“The case is not about whether Revenue Quebec has the power to send these demand letters (nor) is about whether non-residents are subject to (Quebec) fiscal laws or not,” explained Stéphane Eljarrat, a Montreal tax and white collar crime litigator who unsuccessfully argued the case. “The real question is whether or not they can send demand letters under penalty of prosecution to a third party, who is not the subject of an audit and who is located in another province, without judicial authorization.”
Quebec Superior Court Justice Thomas Davis dismissed the arguments. He held that to deny Revenue Quebec the power to investigate under these circumstances would be the equivalent of allowing corporations and trusts to do all their banking at a branch outside of Quebec and potentially avoid taxation, even if all the management decisions were taken in the province. “The Court cannot conclude that they stand for the proposition that a person who resides outside of Quebec may not be asked for information,” said Justice Thomas in a ten-page ruling in 10856 Alberta Ltd. v. Agence de revenu du Quebec 2015 QCCS 1135. “Their scope is limited to the fact that a non-resident may not be charged for failing to file an income tax return.”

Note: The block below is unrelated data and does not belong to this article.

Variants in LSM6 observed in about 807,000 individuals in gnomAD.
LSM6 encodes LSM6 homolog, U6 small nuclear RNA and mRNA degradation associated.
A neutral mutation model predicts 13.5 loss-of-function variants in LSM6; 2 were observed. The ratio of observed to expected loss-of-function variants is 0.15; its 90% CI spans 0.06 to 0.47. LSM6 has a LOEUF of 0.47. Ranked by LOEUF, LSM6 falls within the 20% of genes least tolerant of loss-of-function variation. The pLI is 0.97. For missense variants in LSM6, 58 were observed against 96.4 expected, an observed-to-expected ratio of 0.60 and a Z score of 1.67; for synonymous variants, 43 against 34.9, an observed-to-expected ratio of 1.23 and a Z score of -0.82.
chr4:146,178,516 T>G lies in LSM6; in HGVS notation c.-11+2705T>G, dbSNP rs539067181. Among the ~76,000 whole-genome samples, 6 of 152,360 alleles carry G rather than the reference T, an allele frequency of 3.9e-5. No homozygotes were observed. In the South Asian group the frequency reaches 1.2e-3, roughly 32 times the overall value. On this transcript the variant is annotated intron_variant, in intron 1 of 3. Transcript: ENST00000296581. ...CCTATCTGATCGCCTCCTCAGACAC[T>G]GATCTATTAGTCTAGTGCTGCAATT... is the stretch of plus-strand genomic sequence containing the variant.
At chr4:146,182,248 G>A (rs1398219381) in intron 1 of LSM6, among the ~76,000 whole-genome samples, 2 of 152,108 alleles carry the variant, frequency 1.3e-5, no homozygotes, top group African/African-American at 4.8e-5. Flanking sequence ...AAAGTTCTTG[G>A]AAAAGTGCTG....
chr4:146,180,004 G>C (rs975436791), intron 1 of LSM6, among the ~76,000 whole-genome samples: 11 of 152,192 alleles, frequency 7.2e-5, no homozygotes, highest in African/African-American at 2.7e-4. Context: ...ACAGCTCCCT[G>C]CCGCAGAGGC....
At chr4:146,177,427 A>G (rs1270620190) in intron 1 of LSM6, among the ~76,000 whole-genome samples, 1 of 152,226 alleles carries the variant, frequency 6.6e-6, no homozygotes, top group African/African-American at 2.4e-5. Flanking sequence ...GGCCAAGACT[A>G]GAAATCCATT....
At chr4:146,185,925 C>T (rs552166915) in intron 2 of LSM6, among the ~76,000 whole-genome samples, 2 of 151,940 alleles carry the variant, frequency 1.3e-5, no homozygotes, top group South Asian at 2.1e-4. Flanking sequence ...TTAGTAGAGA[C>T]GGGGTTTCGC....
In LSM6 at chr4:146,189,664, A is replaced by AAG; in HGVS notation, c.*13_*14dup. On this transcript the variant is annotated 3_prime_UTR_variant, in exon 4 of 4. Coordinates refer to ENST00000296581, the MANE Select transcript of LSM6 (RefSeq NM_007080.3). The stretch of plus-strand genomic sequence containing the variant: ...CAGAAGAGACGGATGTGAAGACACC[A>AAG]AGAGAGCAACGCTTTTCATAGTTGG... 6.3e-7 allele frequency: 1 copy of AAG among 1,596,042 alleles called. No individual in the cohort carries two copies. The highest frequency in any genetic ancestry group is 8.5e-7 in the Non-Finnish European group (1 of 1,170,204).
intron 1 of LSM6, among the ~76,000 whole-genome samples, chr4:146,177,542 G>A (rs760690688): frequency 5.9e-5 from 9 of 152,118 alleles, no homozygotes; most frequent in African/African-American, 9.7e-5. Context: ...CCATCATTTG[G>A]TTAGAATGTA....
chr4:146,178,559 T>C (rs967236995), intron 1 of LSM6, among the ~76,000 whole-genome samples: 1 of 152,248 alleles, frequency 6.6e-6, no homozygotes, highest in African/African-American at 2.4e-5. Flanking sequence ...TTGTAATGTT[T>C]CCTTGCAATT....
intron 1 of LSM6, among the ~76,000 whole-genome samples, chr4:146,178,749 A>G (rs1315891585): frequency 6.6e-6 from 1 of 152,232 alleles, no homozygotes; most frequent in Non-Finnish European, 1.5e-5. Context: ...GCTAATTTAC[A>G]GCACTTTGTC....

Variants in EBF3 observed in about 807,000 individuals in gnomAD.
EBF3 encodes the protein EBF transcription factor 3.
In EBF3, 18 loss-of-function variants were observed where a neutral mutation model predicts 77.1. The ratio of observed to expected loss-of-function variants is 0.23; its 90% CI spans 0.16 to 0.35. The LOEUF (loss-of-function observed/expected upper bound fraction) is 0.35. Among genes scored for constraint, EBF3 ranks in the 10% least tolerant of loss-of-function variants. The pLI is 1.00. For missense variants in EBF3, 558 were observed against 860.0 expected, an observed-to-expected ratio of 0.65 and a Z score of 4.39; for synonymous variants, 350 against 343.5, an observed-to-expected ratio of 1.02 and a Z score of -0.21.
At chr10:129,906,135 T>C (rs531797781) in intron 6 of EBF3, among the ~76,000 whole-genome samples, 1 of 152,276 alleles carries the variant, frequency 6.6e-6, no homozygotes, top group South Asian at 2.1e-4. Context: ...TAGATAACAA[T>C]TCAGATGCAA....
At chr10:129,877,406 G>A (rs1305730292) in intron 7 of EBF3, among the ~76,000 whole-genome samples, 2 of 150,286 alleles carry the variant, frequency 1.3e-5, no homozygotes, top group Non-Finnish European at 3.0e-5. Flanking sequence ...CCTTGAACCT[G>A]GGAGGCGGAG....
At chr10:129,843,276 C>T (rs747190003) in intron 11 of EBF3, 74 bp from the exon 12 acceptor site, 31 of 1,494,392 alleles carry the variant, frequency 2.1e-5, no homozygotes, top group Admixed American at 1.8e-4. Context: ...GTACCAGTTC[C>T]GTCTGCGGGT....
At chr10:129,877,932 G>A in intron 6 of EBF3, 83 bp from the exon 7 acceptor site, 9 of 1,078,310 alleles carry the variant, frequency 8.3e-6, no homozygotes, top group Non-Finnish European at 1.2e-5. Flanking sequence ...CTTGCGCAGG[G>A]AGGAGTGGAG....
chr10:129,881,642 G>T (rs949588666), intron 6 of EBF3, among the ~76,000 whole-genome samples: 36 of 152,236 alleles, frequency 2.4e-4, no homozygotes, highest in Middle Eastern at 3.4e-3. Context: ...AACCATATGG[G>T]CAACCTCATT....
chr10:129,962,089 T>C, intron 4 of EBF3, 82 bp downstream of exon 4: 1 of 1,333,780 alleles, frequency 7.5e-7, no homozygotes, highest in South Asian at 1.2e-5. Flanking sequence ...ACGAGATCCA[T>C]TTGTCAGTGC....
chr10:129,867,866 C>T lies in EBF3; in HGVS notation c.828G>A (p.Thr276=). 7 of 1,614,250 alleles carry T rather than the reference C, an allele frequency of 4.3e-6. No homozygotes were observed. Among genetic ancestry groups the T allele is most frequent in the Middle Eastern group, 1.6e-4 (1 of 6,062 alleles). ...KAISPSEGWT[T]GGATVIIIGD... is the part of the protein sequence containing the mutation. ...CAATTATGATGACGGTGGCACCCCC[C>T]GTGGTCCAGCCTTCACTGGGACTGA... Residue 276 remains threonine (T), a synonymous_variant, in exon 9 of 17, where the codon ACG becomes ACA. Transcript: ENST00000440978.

The ruling makes perfect sense, according to tax litigator Caroline Desrosiers. It’s not as if Revenue Quebec went on a fishing expedition to obtain information without any grounds, added the founder of CD Legal. As with corporations, a trust is resident in the jurisdiction where it makes its management decisions, otherwise that would open the door to tax evasion, said Desrosiers. “I am convinced that we are going to see more and more of these cases,” said Desrosiers. “Many companies have put in place fiscal strategies where they set up offshore accounts but the central management and control is exercised here. The goal is to avoid paying taxes. But their real residence is here when you look at where management decisions are taken.”